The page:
Boston, Massachusetts


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WGBH traces its roots back to 1836, when textile merchant John Lowell, Jr. (of the illustrious “Lowells of Massachusetts,” one of America’s great early families) left a bequest creating “free public lectures for the benefit of the citizens of Boston.” In his will, Lowell set aside $250,000, half his estate, to underwrite the public lectures in perpetuity.

In the early 1940s the position of Trustee of the Lowell Institute passed to Ralph Lowell. Intrigued by the Federal Communications Commission’s 1945 announcement that 20 of the 90 radio channels in the newly relocated frequency modulation (FM) band had been reserved for noncommercial stations, Lowell considered a Lowell Institute FM station as a new way to fulfill the institute’s mission. Conversations with James Bryant Conant, president of Harvard University, led instead to the notion that Boston-area universities and colleges produce educational programs for broadcast on commercial AM outlets.

In 1946, the Lowell Institute Cooperative Broadcasting Council (LICBC) was formed—a cooperative venture with six Boston colleges, broadcasting lectures on commercial radio.

In April 1951, the WGBH Educational Foundation was formed, to launch an FM station that would carry the LICBC lectures. The “GBH” stood for Great Blue Hill, the site of the station’s antenna atop a Harvard-operated weather observatory. The incorporators and original board members were Ralph Lowell (as Trustee of the Lowell Institute), the presidents and treasurers of Harvard and MIT, and the president of the Boston Symphony Orchestra.

Noncommercial radio station WGBH-FM made its initial broadcast on October 6, 1951: the first Saturday-evening performance of the BSO’s 71st season, live from Boston’s famed Symphony Hall. The broadcast opened with words of welcome from Ralph Lowell and BSO President Henry Cabot. It was the first full-length broadcast of a symphony concert in Boston in 25 years. Only 15 percent of the households in Greater Boston had FM receivers, but WGBH’s premiere foray was considered a rousing success. During its first year, WGBH-FM broadcast 2,600 hours of programming—10 times the amount the LICBC had been allotted on commercial radio.

On May 2, 1955, WGBH-TV signed on for the first time. Its first broadcast was Come and See, a program for young children with folk singer Tony Saletan and Mary Lou Adams from Tufts University Nursery Training School. That was followed by Louis Lyons (a WGBH-FM fixture) reading the news before a camera.

Most early “Channel 2” programs were course lectures: French Through Television, Your Income Taxes, From Criminal to Citizen. Over time, WGBH made its mark by creating programs locally that were shared with other stations—this prior to the creation of the Public Broadcasting Service. Notable among them was Prospects of Mankind, a monthly series in which former First Lady Eleanor Roosevelt interviewed statesmen from all over the world.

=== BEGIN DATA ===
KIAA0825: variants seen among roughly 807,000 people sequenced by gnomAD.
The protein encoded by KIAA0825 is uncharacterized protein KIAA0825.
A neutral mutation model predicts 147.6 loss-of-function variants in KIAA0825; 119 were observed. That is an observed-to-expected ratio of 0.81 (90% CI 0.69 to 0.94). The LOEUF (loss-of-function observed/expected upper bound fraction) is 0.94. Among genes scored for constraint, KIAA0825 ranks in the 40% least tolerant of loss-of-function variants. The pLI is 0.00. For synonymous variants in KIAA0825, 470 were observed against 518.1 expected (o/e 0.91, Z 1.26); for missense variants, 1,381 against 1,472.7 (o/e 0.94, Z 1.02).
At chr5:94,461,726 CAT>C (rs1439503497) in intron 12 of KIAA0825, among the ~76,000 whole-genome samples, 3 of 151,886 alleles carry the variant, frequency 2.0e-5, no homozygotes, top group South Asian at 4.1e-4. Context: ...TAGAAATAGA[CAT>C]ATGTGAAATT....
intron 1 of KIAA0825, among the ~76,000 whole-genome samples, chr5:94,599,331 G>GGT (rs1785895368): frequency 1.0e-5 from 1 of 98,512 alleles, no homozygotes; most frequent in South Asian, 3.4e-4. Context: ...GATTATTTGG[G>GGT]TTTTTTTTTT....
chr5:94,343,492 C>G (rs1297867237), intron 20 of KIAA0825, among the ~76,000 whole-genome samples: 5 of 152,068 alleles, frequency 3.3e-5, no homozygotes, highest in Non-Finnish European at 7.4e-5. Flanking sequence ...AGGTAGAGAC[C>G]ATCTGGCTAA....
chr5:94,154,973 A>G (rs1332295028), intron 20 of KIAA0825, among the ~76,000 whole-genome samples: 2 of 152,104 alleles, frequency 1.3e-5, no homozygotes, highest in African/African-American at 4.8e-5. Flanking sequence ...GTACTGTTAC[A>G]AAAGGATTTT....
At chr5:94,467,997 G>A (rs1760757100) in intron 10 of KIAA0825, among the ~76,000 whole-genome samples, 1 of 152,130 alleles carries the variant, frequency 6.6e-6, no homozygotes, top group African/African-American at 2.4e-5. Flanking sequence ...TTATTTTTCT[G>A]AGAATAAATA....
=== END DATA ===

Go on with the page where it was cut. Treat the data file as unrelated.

In 1962, WGBH produced three programs on French cooking, after a Cambridge cookbook author appeared on a WGBH book-review program and whipped up not only egg whites but an interest in how-to television. Within a year The French Chef with Julia Child was teaching audiences in several major cities to cook with courage. “Educational TV” had its first national star—and WGBH had the first in a long line of productions that would transform American broadcasting and put the Boston station on the map.

Today, WGBH is public broadcasting for New England, the number one producer of PBS programming (on TV, the Web, online, and mobile), a major source of public radio content, and a pioneer in both educational multimedia and media access solutions serving millions of people with disabilities.


WGBH’s best-known television series include Frontline, NOVA, American Experience, Masterpiece, and PBS’ #1 rated Antiques Roadshow. A record in award-winning programs for children began in 1972 with Zoom and includes past shows such as Degrassi Junior High, Where in the World is Carmen Sandiego, Between the Lions, and FETCH! with Ruff Ruffman. Current children’s programs include the #1 PBS show for preschoolers (Curious George), the top two ranked PBS programs for kids 6-11 (Curious George and Arthur, respectively), and the popular series Peep and the Big Wide World, Martha Speaks, and Design Squad Nation.

WGBH Radio distributes national productions such as The World (co-produced by WGBH, PRI, and the BBC), which reaches 2.5 million listeners. WGBH Radio also serves our local community through analog and digital high-definition radio stations, including 89.7 FM and 99.5 FM All Classical. Our radio broadcasts reach over 335,000 listeners weekly, and over a hundred thousand more log on to wgbh.org’s live audio streaming each month. In 2012, WGBH acquired Public Radio International, whose programs can be heard on over 800 public radio stations.

WGBH’s local television productions address the needs and interests of the region through programs like Greater Boston (a daily news and public affairs show) and Basic Black (a weekly series focusing on the African-American experience in Boston and beyond). La Plaza, a weekly local program on the culture and concerns of Latino communities, aired for over 30 years on WGBH. A recent addition to WGBH’s local line-up is High School Quiz Show, a televised match-up of competing quiz bowl teams from high schools across the state that is now in its fourth season. In 2012, WGBH pioneered a new partnership with New Hampshire Public Television (NHPTV), which will streamline operations and encourage the continued production of thoughtful, community-driven public media.